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Home > December 2014 > This Month In Intrepid’s History
This Month In Intrepid’s History
Seperator
Posted: 12/19/2014 9:39:46 AM

USS Intrepid was commissioned on August 16, 1943, joining the U.S. Navy in the middle of World War II. For the next two years the ship and crew trained, fitted out and fought their way across the Pacific Ocean. Along the way, the contributions the ship and crew made to victory were vital and the price they paid was high. Travel with our Museum tour guides here each month as they follow Intrepid’s journey and its crew’s experience throughout World War II.

December 1944: Aftermath

On November 26, 1944, the surviving members of Intrepid’s crew gathered to pay their respects as 69 men, killed by kamikaze attacks the day before, were buried at sea. Air Group 18’s historian wrote, “The marines fired a salute, and everyone jumped as the guns went off.”

 

As members of the crew solemnly look on, casualties of the kamikaze attack of November 25, 1944, are buried at sea. (Courtesy of the National Archives)

As Intrepid limped back to Ulithi, many aboard were still reeling from the trauma of recent events. In the days that followed, the sight of their battle-scarred ship along with the lingering smells of battle served as an inescapable reminder for the survivors that not everyone had been so lucky.

 

In the aftermath of the kamikaze attack of November 25, 1944, a lone sailor gazes through a gaping hole in the flight deck. (Courtesy of the National Naval Aviation Museum)

Missing from the burial service was a large part of Air Group 18. Before the kamikaze attack, two large strikes had been launched against targets in the Philippines. Because Intrepid’s flight deck was knocked out in the attack, the pilots were unable to return to the ship. It seemed the only option was to have the pilots land on other carriers and then shove their planes over the side to make room for more. Fortunately, Lieutenant Benjamin Sturges, Admiral Bogan’s air intelligence officer, had an idea: the army had just completed a new airfield at Tacloban on Leyte. Bogan redirected the aircraft to the army field, and later he nominated Sturges for the Bronze Star for his quick thinking.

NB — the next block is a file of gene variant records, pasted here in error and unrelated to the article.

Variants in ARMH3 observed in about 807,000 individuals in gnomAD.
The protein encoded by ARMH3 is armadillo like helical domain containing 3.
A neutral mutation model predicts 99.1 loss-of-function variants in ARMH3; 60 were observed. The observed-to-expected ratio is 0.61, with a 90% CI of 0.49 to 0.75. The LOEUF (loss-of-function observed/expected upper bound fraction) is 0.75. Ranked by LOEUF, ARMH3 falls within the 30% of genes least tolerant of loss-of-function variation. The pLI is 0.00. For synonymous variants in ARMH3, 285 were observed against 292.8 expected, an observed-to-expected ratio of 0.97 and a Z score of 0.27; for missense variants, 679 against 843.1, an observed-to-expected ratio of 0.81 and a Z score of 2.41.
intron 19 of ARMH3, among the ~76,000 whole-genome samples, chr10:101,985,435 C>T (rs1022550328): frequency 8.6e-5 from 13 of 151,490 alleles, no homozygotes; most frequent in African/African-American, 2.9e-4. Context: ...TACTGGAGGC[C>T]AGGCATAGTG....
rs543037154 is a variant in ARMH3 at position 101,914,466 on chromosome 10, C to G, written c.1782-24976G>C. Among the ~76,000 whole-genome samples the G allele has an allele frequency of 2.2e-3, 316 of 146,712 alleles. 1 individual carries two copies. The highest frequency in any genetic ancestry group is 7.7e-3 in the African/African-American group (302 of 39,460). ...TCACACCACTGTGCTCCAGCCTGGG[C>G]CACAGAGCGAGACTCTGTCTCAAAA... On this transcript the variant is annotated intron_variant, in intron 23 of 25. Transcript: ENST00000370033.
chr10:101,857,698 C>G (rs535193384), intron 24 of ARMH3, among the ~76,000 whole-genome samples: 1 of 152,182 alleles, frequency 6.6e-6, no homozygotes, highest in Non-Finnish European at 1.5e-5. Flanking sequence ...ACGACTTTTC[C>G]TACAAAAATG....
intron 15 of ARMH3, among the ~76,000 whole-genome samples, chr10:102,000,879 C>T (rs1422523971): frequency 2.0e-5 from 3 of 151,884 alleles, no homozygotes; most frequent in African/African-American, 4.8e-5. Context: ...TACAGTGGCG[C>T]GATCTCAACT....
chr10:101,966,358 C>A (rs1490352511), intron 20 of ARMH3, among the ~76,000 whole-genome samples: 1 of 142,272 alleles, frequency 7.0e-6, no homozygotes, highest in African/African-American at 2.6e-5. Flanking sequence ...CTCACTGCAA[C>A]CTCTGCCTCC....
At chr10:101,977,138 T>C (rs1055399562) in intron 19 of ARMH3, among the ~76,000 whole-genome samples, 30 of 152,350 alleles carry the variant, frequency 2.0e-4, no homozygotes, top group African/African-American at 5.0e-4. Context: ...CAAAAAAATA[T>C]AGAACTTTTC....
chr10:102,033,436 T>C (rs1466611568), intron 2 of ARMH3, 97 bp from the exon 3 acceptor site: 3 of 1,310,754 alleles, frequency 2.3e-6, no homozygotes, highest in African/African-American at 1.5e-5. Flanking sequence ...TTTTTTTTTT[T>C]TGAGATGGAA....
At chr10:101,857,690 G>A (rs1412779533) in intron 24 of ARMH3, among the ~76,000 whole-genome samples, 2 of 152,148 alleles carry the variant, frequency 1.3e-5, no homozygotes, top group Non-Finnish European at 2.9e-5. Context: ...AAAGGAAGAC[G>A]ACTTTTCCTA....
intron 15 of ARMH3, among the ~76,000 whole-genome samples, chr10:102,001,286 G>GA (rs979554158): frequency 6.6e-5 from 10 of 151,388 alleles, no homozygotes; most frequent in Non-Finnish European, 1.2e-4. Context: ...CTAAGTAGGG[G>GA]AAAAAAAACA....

Touching down on Tacloban was a challenge for the pilots. The airfield was made of Marsden Matting, slippery metal sheeting with which Intrepid’s aviators had little experience. Despite the unfamiliar terrain, all the pilots managed to land safely, spending the next two nights in fox holes they had to dig themselves. From Leyte they began a sequence of long-distance flights by way of Palau and Yap. Finally, on November 30, Air Group 18’s wayfaring members arrived at Ulithi and saw firsthand the devastation that made their long journey necessary.

That same day Admiral Halsey himself came aboard to inspect Intrepid. It was clear the carrier would be going back stateside for repairs, but not everyone would be going home with the ship. The emerging threat of the kamikaze and the mounting losses among other air groups meant that additional fighter planes and pilots were sorely needed. As a result, Fighter Squadron 18’s remaining Hellcats and pilots were reassigned to USS Hancock.